A recent McKinnon survey showed that 50% of Australia’s workforce is covered by some form of a restraint of trade or non-compete clause.

But how airtight are these clauses and can they be enforced?

Types of restraints of trade

Common restrictions of trade include:

  • Confidentiality clauses
  • Non-solicitation clauses
  • Non-compete clauses
  • Non-poaching restrictions

Enforcing a restraint of trade 

How enforceable a restraint clause is depends on how reasonable it is. In order for them to be enforced, they must be shown to be protecting the employer’s legitimate business interest or the reputation of the business.

Generally, trying to minimise competition is not considered a reasonable enough reason to enforce a restraint of trade.

The court will consider several factors in determining how reasonable a post-employment restriction is. This will include:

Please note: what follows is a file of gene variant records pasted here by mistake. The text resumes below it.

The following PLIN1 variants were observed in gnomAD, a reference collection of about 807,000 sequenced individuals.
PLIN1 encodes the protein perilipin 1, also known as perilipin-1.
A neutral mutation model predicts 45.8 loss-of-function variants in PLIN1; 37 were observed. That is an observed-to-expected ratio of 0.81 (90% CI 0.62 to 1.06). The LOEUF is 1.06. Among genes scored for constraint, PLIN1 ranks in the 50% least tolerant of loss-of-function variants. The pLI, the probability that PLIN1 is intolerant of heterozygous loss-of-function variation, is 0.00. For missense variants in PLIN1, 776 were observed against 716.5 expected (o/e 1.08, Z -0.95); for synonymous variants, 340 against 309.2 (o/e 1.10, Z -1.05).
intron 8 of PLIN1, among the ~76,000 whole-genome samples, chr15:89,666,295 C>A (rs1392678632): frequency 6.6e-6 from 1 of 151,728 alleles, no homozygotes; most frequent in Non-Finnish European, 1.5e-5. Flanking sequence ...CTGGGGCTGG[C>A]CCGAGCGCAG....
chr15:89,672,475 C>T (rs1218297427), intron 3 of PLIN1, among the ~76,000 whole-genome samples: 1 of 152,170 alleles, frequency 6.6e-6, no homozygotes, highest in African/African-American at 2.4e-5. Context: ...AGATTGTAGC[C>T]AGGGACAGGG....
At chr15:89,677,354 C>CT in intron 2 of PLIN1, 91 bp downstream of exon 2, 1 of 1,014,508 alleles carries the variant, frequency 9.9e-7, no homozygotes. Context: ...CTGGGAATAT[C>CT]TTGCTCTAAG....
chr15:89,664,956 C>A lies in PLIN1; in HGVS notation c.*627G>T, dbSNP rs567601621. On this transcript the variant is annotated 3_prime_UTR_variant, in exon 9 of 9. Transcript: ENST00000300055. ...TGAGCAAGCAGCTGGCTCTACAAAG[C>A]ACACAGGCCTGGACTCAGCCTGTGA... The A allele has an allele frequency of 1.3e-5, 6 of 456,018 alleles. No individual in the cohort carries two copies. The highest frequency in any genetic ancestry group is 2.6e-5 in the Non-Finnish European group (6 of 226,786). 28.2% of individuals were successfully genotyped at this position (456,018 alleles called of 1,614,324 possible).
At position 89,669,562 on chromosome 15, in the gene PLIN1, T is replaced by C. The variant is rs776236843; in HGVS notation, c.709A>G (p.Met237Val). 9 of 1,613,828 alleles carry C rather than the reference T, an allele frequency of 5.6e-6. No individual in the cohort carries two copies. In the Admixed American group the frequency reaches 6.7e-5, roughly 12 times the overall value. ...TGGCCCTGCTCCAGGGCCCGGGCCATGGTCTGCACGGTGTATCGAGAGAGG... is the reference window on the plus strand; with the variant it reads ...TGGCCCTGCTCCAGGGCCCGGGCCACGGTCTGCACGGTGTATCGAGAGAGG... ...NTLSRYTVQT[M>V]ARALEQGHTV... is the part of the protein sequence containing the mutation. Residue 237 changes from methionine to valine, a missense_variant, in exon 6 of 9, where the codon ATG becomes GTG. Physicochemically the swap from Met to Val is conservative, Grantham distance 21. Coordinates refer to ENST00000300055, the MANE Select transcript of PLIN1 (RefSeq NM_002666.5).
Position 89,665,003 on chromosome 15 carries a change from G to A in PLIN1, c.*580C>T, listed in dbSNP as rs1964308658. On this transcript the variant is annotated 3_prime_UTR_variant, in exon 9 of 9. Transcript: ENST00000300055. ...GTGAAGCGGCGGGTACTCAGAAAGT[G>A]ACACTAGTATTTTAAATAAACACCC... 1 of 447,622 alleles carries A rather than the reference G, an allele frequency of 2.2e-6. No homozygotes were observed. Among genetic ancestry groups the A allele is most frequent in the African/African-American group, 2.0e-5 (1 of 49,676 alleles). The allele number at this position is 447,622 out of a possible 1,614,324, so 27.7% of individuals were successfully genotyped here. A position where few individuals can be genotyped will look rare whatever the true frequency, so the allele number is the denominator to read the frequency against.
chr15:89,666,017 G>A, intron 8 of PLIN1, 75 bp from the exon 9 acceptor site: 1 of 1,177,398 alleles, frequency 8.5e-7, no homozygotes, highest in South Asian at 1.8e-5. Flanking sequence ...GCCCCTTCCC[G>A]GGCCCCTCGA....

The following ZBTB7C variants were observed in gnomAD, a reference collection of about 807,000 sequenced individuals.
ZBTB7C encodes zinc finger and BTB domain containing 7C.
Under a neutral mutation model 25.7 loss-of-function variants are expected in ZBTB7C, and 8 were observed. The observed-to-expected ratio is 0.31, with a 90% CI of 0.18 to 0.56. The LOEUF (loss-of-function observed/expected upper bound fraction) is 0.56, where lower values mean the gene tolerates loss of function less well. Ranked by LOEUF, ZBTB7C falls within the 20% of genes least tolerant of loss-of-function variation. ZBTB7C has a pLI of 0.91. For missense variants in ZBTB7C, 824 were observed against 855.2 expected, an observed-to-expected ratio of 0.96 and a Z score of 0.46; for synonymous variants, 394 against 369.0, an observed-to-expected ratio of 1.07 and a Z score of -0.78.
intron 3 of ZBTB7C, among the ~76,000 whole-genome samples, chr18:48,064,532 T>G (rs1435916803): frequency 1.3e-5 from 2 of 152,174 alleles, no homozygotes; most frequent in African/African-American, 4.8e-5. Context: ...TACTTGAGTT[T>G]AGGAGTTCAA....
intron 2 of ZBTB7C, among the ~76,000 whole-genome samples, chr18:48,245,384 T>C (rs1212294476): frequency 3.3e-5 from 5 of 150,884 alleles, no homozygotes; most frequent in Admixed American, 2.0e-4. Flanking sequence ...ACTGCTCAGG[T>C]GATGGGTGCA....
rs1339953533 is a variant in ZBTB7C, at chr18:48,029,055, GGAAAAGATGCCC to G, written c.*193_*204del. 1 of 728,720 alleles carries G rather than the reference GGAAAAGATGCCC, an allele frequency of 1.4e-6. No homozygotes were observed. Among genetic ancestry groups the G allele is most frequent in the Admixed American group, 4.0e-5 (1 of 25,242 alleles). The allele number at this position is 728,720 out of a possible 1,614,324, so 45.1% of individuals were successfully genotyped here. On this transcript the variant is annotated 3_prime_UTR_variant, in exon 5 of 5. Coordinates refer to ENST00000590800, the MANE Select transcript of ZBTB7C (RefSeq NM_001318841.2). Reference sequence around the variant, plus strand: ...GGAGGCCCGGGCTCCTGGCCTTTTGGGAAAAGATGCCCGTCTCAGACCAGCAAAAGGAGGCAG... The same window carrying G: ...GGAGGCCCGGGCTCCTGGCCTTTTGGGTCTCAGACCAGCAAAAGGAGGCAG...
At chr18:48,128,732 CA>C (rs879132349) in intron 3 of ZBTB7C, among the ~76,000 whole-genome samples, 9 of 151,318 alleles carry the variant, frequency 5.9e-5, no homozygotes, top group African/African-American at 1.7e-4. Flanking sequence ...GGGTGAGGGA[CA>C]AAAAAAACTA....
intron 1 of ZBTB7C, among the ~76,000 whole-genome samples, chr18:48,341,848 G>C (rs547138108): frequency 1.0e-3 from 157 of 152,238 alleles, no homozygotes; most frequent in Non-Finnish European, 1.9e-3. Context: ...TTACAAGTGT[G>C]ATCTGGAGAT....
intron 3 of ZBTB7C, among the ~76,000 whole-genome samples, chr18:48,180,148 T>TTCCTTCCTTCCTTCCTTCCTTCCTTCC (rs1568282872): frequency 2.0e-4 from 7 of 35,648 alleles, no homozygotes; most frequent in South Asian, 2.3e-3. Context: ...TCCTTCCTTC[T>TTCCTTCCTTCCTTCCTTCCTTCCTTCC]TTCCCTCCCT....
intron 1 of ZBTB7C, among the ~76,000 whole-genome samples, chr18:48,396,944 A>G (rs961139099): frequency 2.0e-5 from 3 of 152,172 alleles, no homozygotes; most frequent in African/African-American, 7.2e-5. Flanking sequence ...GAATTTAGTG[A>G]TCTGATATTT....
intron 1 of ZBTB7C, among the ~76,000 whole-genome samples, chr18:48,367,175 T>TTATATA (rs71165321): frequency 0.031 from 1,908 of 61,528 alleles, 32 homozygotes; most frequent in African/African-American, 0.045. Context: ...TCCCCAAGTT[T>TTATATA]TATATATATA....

• The employer proving legitimate business interests are at stake including:
    • Confidential information or trade secrets
    • The business’s reputation
    • The business’s goodwill with clients and suppliers
  • The nature of the work the ex-employee is prevented from doing
  • The length of time the ex-employee is prohibited from doing this work
  • The geographic location in which this restraint is imposed

The court will also consider the livelihood of the ex-employee and how this will affect their ability to earn a living.

Blaine Hattie is a business lawyer and principal at Sutton Laurence King Lawyers.

Starting a new construction project? To ensure it is legally-sound, contact Sutton Laurence King Lawyers in Victoria today on 03 9070 9810 or email .